Virginia is the next big battleground for abortion rights and may send a signal for 2024
RICHMOND, Va. (AP) — Democrat Russet Perry has knocked on thousands of doors in a swing district outside the nation’s capital as she campaigns for a seat that could decide control of the Virginia state Senate in November. The issue that comes up the most — particularly among women and even from some Republicans and independents, she says — is protecting abortion rights.
The topic has motivated voters and upended traditional political wisdom in election after election since a conservative majority on the U.S. Supreme Court eliminated the federal right to the procedure last year. But it may be especially front of mind in Virginia, the only state in the South that has not imposed new abortion restrictions since Roe v. Wade fell.
Republican Gov. Glenn Youngkin — whose push to ban the procedure after 15 weeks of pregnancy was blocked by the Democratic-controlled Senate — has pledged to try again if the GOP wins full control in the state.
“I see this fight and this race as being pivotal to what happens to many, many, many people, not just here, but across the entire South,” said Perry, a former prosecutor and ex-CIA officer who noted that women from throughout the region have sought abortions in Virginia since Roe was overturned.
For those on either side of the debate, Virginia — where all state House and Senate seats are up for election and early voting begins Friday — is among the biggest fights this year over abortion rights. The Commonwealth’s odd-year elections are often an indicator of the national mood heading into major election years and offer both parties a chance to test campaign strategies, messaging and policy ahead of 2024 contests for president, Congress and other offices.
Democrats are banking on abortion rights to be a winning issue, just as it was in the 2022 midterms and in earlier contests this year in Virginia and elsewhere. They hope it will lift candidates in a place that Democrat Joe Biden won in 2020 but where voters a year later backed Youngkin, who is still mentioned as a possible late 2024 entry for president.
The Democratic National Committee recently invested $1.2 million into Virginia races, and Vice President Kamala Harris was in the state Thursday to kick off a college tour aimed at mobilizing young voters to fight for reproductive rights, action on climate change and other issues.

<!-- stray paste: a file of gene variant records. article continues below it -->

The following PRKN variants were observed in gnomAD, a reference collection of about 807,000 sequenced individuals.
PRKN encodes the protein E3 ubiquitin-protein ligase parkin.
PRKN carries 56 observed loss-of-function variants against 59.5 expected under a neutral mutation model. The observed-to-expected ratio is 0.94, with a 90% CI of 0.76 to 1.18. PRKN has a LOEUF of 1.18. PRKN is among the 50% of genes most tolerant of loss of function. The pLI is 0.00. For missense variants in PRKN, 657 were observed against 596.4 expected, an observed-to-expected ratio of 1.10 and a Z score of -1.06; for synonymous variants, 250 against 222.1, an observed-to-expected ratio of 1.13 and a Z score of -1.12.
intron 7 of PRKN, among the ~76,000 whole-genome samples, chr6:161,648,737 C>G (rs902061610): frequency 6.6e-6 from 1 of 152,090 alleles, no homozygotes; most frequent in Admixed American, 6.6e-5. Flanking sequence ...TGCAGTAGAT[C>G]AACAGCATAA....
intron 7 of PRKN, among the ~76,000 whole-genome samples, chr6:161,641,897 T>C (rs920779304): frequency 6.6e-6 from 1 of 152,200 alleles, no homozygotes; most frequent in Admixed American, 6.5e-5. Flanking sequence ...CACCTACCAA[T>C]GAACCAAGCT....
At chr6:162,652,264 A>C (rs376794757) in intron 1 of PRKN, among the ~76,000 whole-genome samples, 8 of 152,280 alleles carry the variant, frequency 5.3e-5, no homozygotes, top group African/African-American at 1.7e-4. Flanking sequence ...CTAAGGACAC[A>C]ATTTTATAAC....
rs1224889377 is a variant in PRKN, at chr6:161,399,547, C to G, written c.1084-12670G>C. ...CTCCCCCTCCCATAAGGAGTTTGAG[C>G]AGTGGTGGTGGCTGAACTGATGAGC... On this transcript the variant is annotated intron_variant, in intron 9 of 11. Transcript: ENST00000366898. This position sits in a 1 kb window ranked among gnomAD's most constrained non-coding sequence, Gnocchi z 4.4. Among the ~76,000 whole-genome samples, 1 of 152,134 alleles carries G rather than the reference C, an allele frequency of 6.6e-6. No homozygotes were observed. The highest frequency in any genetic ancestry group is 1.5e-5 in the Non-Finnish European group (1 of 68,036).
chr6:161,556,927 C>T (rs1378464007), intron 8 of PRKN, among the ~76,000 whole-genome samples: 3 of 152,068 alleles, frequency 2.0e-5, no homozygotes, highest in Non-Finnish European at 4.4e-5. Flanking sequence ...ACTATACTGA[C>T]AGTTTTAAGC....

Republicans are centering their focus elsewhere in an echo of Youngkin’s winning 2021 campaign — when the businessman defeated a former governor at a time when Roe was still law. They’re talking about kitchen table issues, such as the cost of living, public safety and protecting the role of parents in directing their children’s education.
Zack Roday, the coordinated campaign director at Youngkin’s Spirit of Virginia PAC, said Democrats are focused on abortion because they “have nothing to run on.” He accused Democrats of misrepresenting Youngkin’s proposed 15-week limit on abortions as a total ban. Most abortions take place before 15 weeks, and Youngkin’s proposal includes exceptions for rape, incest and to save the life of the mother.
“They have no vision, no agenda, nothing to offer the Commonwealth,” Roday said. “It’s all fear and lies.”
Leading abortion opponents also see Virginia as a place where Republicans can reframe the discussion and avoid the “ostrich strategy” of trying to evade the issue. They have pushed GOP candidates to explain their personal positions, to speak compassionately about both unborn children and the women who may seek abortions, and to push policies such as improving the foster care and adoption systems.
The country’s most prominent anti-abortion group hired Kellyanne Conway, a GOP pollster who was President Donald Trump’s senior counselor, to advise candidates in Virginia and elsewhere on their handling of the issue.